Tiger Worku thought he could tell the difference between reality and virtual reality.
A freshman at Minneapolis South High School, Worku first tried virtual reality in February, through a headset providing 360-degree video immersion, at a digital media workshop at the University of St. Thomas.
“But when I put it on,” Worku said, “that was like—‘wow.’”
Worku experienced what Eric Tornoe, associate director of research computing at St. Thomas, calls the “wow factor” of virtual reality.
Now, journalists at organizations such as the New York Times, the Washington Post and many others are trying to harness that “wow factor” and implement it into the journalistic field.
In 2016, the Times published more than 15 virtual reality films, according to the company website. It also publishes a daily 360-degree video and offers its own virtual reality app, NYT VR. In the same year, the Washington Post debuted its first virtual reality project, titled “VRroom.”
“[Virtual reality] can show you a more complete picture of what’s going on,” Tornoe said. “Instead of just looking where the person who is shooting the footage wants you to look, you now have the ability to look all around. You can see more process.”
Jenni Pinkley, a senior producer and editor of multimedia at the Star Tribune, has been using virtual reality as a storytelling device for the past year. She calls virtual reality an “empathy machine,” saying other journalistic tools do not give users the same level of control to look around their environment.
“It has the ability to impact differently than words and one-dimensional photos do,” Pinkley said.
For example, Pinkley and the Star Tribune used virtual reality to show the tightly knit Somali community in the Cedar-Riverside area, called “Little Mogadishu,” in an article in early March. The Star Tribune added three 360-degree videos by videographer Mark Vancleave to a story written by Allie Shah, all posted on the startribune.com website.
One video allows the user to look around Samiya Clothing Store, a clothing shop in “Little Mogadishu” that is lined with decorative dresses hanging on the store walls. Another shows two barbers carefully trimming hair of two clients at Banadir Barbers, a small barbershop in Riverside Mall. Pinkley says this form of storytelling “immerses you in a situation like nothing else can.”
“We don’t necessarily have the chance to experience situations like that,” she said. “That’s about the closest you can get.”
Worku used virtual reality for the first time at ThreeSixty Journalism’s Youth Digital Media Summit, a one-day digital media workshop for high school students, and received a new experience from 360-degree video.
“It really changes the perspective of what they may have thought if they had just read a boring article online,” Worku said. “[Users] see how it is to be out there, so they also understand what the people out there are going through. It’s more likely to get people to love the news more and enjoy it.”
The higher costs of producing virtual reality stories means there are “pretty high’’ barriers to more widespread use of virtual reality in journalism, Tornoe said. He believes that it may be about five years before virtual reality storytelling is accepted as a common journalistic method.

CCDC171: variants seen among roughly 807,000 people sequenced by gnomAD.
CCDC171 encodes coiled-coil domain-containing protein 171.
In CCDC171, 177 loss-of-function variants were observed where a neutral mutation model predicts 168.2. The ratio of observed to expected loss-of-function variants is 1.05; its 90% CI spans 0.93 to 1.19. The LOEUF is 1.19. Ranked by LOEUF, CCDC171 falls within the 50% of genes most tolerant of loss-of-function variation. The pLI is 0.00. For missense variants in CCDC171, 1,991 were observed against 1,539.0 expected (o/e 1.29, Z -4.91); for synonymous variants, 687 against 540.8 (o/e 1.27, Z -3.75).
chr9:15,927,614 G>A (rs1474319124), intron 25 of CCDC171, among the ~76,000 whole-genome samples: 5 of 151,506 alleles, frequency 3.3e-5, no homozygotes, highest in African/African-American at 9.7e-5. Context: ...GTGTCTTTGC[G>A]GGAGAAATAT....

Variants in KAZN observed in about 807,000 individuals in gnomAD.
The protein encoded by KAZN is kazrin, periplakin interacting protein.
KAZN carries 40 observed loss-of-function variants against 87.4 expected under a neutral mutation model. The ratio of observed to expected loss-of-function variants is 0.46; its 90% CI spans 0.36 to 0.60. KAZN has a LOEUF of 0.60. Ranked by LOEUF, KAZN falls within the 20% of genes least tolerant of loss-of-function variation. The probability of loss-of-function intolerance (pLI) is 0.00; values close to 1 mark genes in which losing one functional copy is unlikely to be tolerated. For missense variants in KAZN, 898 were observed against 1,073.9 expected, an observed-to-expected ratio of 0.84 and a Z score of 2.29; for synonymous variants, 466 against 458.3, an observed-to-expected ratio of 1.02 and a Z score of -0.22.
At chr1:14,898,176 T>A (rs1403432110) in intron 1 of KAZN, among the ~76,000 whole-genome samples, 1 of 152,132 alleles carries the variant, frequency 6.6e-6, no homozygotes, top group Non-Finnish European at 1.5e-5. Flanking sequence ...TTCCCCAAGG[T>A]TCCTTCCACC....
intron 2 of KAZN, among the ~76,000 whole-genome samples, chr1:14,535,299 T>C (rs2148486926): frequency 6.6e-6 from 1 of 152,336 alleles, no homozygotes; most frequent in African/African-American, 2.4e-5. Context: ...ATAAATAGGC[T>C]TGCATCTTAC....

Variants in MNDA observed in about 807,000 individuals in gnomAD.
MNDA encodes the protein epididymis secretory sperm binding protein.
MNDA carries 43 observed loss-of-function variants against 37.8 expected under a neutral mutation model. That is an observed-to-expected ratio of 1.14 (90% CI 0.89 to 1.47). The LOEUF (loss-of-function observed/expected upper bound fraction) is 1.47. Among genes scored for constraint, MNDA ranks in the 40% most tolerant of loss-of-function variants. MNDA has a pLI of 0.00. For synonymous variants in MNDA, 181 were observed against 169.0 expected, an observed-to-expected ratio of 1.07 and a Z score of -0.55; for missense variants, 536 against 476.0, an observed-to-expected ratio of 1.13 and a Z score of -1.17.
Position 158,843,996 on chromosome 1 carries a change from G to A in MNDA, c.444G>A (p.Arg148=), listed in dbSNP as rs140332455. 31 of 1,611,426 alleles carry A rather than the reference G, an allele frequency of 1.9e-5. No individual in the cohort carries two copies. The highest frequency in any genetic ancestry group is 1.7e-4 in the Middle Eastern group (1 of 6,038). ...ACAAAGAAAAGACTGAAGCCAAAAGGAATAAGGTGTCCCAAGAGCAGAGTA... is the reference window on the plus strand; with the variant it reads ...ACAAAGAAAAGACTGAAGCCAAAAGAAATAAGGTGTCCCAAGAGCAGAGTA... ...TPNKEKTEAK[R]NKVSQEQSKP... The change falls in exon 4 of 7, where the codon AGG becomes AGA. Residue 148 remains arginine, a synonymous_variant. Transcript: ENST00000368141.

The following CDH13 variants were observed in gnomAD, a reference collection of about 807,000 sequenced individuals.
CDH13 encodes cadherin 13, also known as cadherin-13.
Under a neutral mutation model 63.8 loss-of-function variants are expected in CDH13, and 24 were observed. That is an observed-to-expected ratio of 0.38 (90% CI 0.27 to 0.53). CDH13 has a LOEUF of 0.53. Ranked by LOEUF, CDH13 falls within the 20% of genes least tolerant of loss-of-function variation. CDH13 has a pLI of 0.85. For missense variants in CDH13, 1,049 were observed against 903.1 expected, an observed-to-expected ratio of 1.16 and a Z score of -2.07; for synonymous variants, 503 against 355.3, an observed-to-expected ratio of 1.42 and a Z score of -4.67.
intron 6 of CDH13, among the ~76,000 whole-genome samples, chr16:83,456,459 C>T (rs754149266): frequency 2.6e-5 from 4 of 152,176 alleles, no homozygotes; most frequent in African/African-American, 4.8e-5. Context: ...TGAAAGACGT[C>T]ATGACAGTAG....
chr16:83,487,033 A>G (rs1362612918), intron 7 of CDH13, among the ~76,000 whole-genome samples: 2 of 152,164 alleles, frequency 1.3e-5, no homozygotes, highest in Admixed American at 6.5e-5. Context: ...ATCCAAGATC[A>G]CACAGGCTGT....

However, due to recent spikes in demand for virtual reality gear and systems, Tornoe says, some VR systems have already seen a $1,000 price drop since their release last year. This price drop could boost accessibility for more consumers to determine for themselves the purpose and importance of VR journalism.
For journalists like Pinkley, the future of virtual reality seems close. She hopes that within the next year, virtual reality will take strides toward becoming an important method in journalism.
Pinkley eventually wants more people to see these stories for themselves by putting virtual reality systems into schools and libraries where consumers can access them.
“You are seeing it unfiltered, uncut. You are seeing it raw,” Pinkley said. “… You’re not seeing it through my eyes, you are seeing it through the eyes of a 360 camera and you are moving around the room the way you want to move around the room.”
TEEN’S TAKE: Paired with text, VR can show new angles to the story
Virtual reality certainly has its limitations. Unlike traditional broadcast journalism, the purpose of virtual reality is not necessarily to reach more households or to make visuals more accessible, but instead to give users control of their surroundings. Raw 360-degree video with a high level of user control could feed confirmation biases because a user can actively search for almost whatever he or she wants in the virtual environment.
Writing will likely always be needed to provide virtual reality video with the proper context. Without a solid amount of text to supplement virtual reality media, there is no longer a median—a journalist— between the viewer and a situation.
However, when writing is combined with virtual reality (for instance, the way the Star Tribune used both elements to show the Somali community in the Cedar-Riverside area), the result can be a comprehensive story that shows users multiple angles of a story. If journalists can accept the responsibility of using virtual reality as an element of storytelling and not let it tell an entire story on its own, then I believe the tool could find its place in regular journalistic storytelling.